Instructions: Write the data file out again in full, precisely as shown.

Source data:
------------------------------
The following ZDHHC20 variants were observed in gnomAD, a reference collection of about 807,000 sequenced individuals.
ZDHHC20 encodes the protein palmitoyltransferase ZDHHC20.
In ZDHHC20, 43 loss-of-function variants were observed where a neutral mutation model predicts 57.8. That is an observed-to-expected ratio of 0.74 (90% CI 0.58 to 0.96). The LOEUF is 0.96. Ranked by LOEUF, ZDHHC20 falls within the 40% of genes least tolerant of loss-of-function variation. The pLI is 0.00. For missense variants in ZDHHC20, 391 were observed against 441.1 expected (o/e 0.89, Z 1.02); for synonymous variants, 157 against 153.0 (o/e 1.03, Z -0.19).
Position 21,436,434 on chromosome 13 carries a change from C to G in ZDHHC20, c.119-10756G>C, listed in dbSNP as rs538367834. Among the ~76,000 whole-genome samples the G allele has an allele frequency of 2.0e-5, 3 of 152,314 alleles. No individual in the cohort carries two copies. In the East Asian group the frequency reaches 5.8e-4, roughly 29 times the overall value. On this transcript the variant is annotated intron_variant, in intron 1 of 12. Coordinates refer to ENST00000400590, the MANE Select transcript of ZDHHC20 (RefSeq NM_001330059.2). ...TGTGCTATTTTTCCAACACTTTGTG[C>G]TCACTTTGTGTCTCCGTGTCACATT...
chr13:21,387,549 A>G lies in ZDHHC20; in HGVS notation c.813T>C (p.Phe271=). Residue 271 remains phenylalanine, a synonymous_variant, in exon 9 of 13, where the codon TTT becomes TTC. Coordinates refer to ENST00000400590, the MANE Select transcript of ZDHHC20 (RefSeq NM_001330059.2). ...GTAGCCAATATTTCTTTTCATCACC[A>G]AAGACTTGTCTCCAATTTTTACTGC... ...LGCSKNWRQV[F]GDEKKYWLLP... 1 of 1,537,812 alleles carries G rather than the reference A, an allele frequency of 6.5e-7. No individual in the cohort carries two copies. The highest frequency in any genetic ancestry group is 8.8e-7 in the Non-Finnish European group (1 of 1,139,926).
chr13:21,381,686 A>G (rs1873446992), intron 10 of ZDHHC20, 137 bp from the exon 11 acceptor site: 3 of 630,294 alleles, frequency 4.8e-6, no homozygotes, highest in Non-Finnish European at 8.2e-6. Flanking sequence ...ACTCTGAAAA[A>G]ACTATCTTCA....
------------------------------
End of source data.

The following ZDHHC20 variants were observed in gnomAD, a reference collection of about 807,000 sequenced individuals.
ZDHHC20 encodes the protein palmitoyltransferase ZDHHC20.
In ZDHHC20, 43 loss-of-function variants were observed where a neutral mutation model predicts 57.8. That is an observed-to-expected ratio of 0.74 (90% CI 0.58 to 0.96). The LOEUF is 0.96. Ranked by LOEUF, ZDHHC20 falls within the 40% of genes least tolerant of loss-of-function variation. The pLI is 0.00. For missense variants in ZDHHC20, 391 were observed against 441.1 expected (o/e 0.89, Z 1.02); for synonymous variants, 157 against 153.0 (o/e 1.03, Z -0.19).
Position 21,436,434 on chromosome 13 carries a change from C to G in ZDHHC20, c.119-10756G>C, listed in dbSNP as rs538367834. Among the ~76,000 whole-genome samples the G allele has an allele frequency of 2.0e-5, 3 of 152,314 alleles. No individual in the cohort carries two copies. In the East Asian group the frequency reaches 5.8e-4, roughly 29 times the overall value. On this transcript the variant is annotated intron_variant, in intron 1 of 12. Coordinates refer to ENST00000400590, the MANE Select transcript of ZDHHC20 (RefSeq NM_001330059.2). ...TGTGCTATTTTTCCAACACTTTGTG[C>G]TCACTTTGTGTCTCCGTGTCACATT...
chr13:21,387,549 A>G lies in ZDHHC20; in HGVS notation c.813T>C (p.Phe271=). Residue 271 remains phenylalanine, a synonymous_variant, in exon 9 of 13, where the codon TTT becomes TTC. Coordinates refer to ENST00000400590, the MANE Select transcript of ZDHHC20 (RefSeq NM_001330059.2). ...GTAGCCAATATTTCTTTTCATCACC[A>G]AAGACTTGTCTCCAATTTTTACTGC... ...LGCSKNWRQV[F]GDEKKYWLLP... 1 of 1,537,812 alleles carries G rather than the reference A, an allele frequency of 6.5e-7. No individual in the cohort carries two copies. The highest frequency in any genetic ancestry group is 8.8e-7 in the Non-Finnish European group (1 of 1,139,926).
chr13:21,381,686 A>G (rs1873446992), intron 10 of ZDHHC20, 137 bp from the exon 11 acceptor site: 3 of 630,294 alleles, frequency 4.8e-6, no homozygotes, highest in Non-Finnish European at 8.2e-6. Flanking sequence ...ACTCTGAAAA[A>G]ACTATCTTCA....